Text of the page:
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Politics and the Fed

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  • Allan Meltzer

Abstract

In the standard policy model, a policymaker optimizes the welfare of a representative agent. In practice, policies are chosen in a political process by agents elected by voters. Drawing on evidence from my two-volume history of the Federal Reserve, the paper reports many examples of decisions influenced by political pressures. The history shows that the meaning of the independence of the Federal Reserve changed over time reflecting political influences.

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File URL: https://student-3k.tepper.cmu.edu/gsiadoc/wp/2010-E30.pdf
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Bibliographic Info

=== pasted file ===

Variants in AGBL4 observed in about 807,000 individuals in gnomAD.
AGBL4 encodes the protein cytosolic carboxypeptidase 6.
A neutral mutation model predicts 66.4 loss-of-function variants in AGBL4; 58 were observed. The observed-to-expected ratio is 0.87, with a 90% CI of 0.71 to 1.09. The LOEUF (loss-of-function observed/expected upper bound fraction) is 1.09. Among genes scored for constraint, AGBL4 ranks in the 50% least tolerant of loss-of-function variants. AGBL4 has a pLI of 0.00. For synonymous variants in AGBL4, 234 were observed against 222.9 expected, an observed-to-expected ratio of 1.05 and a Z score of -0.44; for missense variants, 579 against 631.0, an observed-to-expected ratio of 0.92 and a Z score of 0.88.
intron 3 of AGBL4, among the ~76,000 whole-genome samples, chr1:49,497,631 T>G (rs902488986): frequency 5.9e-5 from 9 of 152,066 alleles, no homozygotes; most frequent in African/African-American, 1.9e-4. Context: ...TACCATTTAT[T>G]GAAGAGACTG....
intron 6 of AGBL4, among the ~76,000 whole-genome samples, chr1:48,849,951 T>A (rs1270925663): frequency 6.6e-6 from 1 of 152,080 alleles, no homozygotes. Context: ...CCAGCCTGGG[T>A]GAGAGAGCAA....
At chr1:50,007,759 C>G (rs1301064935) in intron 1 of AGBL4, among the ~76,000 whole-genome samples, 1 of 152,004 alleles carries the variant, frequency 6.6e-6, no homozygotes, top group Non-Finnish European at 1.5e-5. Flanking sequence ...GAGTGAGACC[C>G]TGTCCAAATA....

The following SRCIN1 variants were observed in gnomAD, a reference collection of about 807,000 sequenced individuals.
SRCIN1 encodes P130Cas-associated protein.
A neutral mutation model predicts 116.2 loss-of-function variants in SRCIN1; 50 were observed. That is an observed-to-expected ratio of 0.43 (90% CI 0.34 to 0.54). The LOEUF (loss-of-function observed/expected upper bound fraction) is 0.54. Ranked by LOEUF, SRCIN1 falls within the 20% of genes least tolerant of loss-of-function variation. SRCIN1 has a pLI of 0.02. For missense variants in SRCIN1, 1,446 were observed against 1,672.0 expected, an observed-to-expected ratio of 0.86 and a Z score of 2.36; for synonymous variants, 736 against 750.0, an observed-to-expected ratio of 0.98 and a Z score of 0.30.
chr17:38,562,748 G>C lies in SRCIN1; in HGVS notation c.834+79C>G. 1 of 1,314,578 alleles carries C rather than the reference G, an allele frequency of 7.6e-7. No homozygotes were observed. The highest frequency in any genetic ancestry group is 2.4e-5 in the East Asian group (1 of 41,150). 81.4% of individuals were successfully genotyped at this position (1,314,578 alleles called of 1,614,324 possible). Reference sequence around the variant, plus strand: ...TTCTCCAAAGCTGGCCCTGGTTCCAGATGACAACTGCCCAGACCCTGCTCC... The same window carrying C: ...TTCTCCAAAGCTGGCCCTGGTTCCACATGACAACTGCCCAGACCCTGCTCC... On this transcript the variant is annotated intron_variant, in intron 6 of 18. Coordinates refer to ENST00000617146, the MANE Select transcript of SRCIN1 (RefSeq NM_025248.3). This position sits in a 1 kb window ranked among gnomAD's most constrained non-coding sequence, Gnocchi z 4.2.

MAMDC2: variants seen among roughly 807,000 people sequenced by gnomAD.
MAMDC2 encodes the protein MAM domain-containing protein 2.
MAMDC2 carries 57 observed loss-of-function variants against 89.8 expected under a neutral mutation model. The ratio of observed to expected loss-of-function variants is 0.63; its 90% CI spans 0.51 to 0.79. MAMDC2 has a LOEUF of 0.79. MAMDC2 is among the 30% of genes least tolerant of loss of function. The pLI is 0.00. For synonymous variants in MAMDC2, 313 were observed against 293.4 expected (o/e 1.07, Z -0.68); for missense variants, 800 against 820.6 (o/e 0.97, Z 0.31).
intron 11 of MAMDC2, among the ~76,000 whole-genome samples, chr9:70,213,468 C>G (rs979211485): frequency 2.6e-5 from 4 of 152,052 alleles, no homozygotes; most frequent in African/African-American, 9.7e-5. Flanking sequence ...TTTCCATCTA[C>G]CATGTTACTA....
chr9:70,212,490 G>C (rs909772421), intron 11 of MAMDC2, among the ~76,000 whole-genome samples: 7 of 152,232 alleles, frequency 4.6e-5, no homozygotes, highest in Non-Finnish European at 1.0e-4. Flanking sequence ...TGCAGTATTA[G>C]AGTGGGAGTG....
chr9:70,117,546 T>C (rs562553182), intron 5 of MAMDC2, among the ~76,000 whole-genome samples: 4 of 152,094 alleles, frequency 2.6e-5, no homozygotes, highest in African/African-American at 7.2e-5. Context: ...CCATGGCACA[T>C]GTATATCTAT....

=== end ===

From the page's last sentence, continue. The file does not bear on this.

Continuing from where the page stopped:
Paper provided by Carnegie Mellon University, Tepper School of Business in its series GSIA Working Papers with number 2010-E30.

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Handle: RePEc:cmu:gsiawp:-2026188177

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Postal: Tepper School of Business, Carnegie Mellon University, 5000 Forbes Avenue, Pittsburgh, PA 15213-3890
Web page: http://www.tepper.cmu.edu/

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Web: http://student-3k.tepper.cmu.edu/gsiadoc/GSIA_WP.asp

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Cited by:
  1. Michael Berlemann & Soeren Enkelmann & Torben Kuhlenkasper, 2013. "Unraveling the Relationship between Presidential Approval and the Economy - A Multi-Dimensional Semi-Parametric Approach," Working Paper Series in Economics 273, University of Lüneburg, Institute of Economics.

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